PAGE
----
Copier service agreements - what you need to know
The office copier is essential to many businesses and the service agreement that stipulates when and how repairs will be done is a very important part whenever a copier purchase or leasing decision is made. As with pricing for the copier or multifunction itself, the service agreement pricing can vary significantly from vendor to vendor and can definitely be negotiated, although most will tell you it canít. Make sure you compare by getting at least 3, maybe 4 quotes for the same level of service from multiple vendors.
Copy volume assumptions
All service contract pricing is based on estimated monthly copy/print volume. However, your usage is likely to fluctuate from month to month. This could be due to regular business cycles or holiday periods.
Do not enter into contracts that stipulate annual or monthly copy volumes that are unrealistically large. Although you may get a lower cost-per-copy rate, if you donít meet that volume, you will not be reimbursed for the difference. Similarly, if the volume estimate is too low, dealers often charge a cost-per-copy fee above and beyond that limit, which can significantly ad up.
If youíre not sure of your copy & print volume, get on a service plan that charges only for the copies you make (pay as you go), or one based on your estimated annual, not monthly, number of copies. A fair dealer will agree to those terms.
Many service agreements charge monthly in arrears for the copies/prints you made the previous month. This is a great way to control cash flow and most of these agreements can be negotiated to include toner. If toner is not included, a lower cost-per-copy should be charged. Make sure you understand if toner is included in your contract.
What does the agreement cover?
Most copier service agreements tend to cover all parts and labour for repairing and maintaining your copier. Unfortunately, "parts" can often have a different meaning from vendor to vendor. Parts that break during use are almost always covered, as are parts that wear out over time, such as fuser rollers, cleaning blades and other parts often bundled in preventative maintenance kits. Just make sure you get a written list of exactly what is and what isnít covered. You donít want any expensive surprises.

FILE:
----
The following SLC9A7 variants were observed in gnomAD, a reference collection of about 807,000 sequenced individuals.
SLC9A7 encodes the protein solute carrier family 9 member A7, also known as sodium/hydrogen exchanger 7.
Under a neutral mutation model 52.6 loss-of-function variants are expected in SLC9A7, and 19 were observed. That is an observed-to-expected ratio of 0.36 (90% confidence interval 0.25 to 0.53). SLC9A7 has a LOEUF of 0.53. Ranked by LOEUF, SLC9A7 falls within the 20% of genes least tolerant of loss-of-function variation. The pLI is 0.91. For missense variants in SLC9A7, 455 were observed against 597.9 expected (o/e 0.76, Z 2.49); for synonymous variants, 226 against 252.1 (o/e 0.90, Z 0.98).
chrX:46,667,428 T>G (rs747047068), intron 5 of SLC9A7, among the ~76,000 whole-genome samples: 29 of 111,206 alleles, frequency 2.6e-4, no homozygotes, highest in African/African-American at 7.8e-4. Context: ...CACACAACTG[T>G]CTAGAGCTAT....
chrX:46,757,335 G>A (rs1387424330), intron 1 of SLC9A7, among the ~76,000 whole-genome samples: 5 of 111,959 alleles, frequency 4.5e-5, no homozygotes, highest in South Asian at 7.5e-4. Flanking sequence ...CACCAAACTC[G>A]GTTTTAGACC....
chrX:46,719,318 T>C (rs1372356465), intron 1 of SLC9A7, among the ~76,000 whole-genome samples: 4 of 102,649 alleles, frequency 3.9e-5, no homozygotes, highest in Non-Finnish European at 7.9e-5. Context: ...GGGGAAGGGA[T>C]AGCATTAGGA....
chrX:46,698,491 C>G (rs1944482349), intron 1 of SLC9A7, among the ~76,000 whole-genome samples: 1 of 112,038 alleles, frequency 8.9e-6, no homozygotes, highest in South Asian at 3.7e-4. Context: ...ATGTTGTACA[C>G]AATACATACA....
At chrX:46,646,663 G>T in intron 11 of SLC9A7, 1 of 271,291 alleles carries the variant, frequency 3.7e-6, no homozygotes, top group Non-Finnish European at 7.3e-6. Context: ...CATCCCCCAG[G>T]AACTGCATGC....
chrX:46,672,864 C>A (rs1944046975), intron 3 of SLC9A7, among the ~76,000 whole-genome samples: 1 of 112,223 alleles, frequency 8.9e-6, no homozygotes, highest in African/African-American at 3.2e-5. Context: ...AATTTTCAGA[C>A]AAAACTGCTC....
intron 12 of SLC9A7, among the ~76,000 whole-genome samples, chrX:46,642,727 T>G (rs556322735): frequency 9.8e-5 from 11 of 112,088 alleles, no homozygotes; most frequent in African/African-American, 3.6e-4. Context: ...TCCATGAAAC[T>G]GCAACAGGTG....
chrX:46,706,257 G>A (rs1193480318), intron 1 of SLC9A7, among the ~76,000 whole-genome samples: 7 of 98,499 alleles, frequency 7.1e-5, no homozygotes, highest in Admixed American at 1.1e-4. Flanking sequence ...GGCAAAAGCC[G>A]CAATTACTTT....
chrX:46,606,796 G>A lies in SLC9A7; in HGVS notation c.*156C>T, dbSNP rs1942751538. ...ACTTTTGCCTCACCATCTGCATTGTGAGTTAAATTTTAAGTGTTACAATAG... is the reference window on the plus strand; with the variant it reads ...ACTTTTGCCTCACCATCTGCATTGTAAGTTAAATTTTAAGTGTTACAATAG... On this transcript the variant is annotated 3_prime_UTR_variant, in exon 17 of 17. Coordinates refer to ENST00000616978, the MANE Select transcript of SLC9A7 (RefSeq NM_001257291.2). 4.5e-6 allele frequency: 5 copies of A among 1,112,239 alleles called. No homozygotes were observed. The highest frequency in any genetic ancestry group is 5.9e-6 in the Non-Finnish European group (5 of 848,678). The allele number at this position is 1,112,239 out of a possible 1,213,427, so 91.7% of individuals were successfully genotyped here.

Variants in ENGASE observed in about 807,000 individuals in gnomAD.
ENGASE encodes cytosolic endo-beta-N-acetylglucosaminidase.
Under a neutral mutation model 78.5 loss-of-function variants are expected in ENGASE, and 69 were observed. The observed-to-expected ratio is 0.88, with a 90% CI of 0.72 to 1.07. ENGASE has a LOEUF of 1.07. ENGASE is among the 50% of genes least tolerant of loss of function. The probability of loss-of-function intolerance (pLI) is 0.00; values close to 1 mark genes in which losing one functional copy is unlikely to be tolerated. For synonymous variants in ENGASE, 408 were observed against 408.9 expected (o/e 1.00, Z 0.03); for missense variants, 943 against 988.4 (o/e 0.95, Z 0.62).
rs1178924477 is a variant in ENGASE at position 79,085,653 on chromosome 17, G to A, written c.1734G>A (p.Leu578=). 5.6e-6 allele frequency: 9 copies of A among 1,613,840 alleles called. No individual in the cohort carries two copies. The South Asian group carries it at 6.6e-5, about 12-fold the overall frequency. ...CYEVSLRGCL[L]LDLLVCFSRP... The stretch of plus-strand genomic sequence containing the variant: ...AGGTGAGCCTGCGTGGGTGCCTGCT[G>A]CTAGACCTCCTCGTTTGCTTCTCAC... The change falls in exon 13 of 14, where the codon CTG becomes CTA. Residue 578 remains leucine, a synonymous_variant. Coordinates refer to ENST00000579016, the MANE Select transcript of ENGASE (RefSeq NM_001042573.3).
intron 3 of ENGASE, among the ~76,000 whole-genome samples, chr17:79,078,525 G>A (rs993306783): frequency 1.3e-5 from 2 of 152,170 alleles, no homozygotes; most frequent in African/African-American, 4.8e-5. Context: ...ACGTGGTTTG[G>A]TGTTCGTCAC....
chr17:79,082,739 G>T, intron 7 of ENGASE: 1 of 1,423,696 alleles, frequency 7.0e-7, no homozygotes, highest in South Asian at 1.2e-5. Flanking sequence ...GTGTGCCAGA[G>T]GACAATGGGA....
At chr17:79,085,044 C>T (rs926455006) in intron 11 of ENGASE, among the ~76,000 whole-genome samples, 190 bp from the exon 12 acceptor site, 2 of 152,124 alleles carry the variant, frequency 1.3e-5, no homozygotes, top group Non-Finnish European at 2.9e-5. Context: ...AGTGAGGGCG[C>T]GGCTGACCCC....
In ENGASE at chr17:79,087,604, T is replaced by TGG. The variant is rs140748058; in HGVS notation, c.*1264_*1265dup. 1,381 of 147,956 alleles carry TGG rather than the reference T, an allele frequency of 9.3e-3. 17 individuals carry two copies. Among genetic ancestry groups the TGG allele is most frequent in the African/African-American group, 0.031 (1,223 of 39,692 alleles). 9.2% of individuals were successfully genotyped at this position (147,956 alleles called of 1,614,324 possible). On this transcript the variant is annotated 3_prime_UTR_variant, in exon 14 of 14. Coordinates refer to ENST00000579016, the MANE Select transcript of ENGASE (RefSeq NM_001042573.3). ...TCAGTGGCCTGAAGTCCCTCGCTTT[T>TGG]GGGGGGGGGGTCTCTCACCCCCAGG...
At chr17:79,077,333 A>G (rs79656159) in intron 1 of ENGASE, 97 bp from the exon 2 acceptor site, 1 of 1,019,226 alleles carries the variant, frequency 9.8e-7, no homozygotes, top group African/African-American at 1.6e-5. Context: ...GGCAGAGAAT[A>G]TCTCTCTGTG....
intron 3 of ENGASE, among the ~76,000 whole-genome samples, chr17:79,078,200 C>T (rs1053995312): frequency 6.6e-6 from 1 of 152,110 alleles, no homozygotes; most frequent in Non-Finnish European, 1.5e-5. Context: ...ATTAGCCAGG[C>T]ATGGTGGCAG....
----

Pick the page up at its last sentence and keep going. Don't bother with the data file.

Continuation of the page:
A service agreement should give you the peace of mind that you get quick and reliable repairs when you need it, and that any cost is covered by the agreement. Without a service agreement, labour and parts are usually priced on an as-needed basis. When you get your quotes, be sure to get a written commitment on response time (the typical maximum is four hours) and the hours that service is available, particularly if you expect the copier to see a lot of use during evenings and weekends.
Also ask about their replacement guarantee. Many vendors will provide you with a replacement copier of equal or greater specifications if yours requires significant repairs. If it is a temporary situation, they may be able to provide you with a loan machine.
Future price increases
Find out how service contracts will be priced in the future. Costs should ideally be limited to increases of less than 5 - 8% a year. A typical condition that may be in the T&Cís of an agreement can be that the vendor reserves the right to increase copy cost according to yearly CPI increases. And low and behold, every year your cost-per-copy automatically gets increased by 10%. Keep an eye on this, as most customers simply pay their bills and donít question, or are even aware of the increases. Just know that if it states ďincrease as per CPI indexĒ, that you can insist this happens, which usually means it should be below even 5%. Most vendors will lower or cancel the cost increase if you bring this up with them, as they donít want to lose you as a customer.
Consumables such as toner are usually excluded from service contracts, unless you opt for an all-inclusive contract that covers all parts, all labour and consumables (toner, developer etc.) - except paper and staples.
All-inclusive contracts are easier on the accounting, but will most likely cost you more over the life of the machine. Although it can depend on what your typical output documents are. If for example you are a real estate agent and on your colour multifunction device you print 100ís of full colour sales brochures every week and have negotiated a very good cost-per-copy for colour, you may actually be better off on a toner-inclusive contract. The reason for this is that prices are based on the industry standard 5%-6% page coverage. The yield of a toner cartridge is also stated as based on that standard average. However, whilst a simple letter may in fact be about 5% or even less toner coverage, a full colour sales brochure with property photos on it will have a much higher coverage, maybe as high as 60-80%. You would go through a lot of toner kits and if you were to purchase these separately, you would likely spend more than if you negotiated a toner-in cost-per-copy, based on the typical 5% - 6% coverage.
Please note: some copier dealers may falsely claim that you must purchase your consumables through them. This is not required, so stand your ground.
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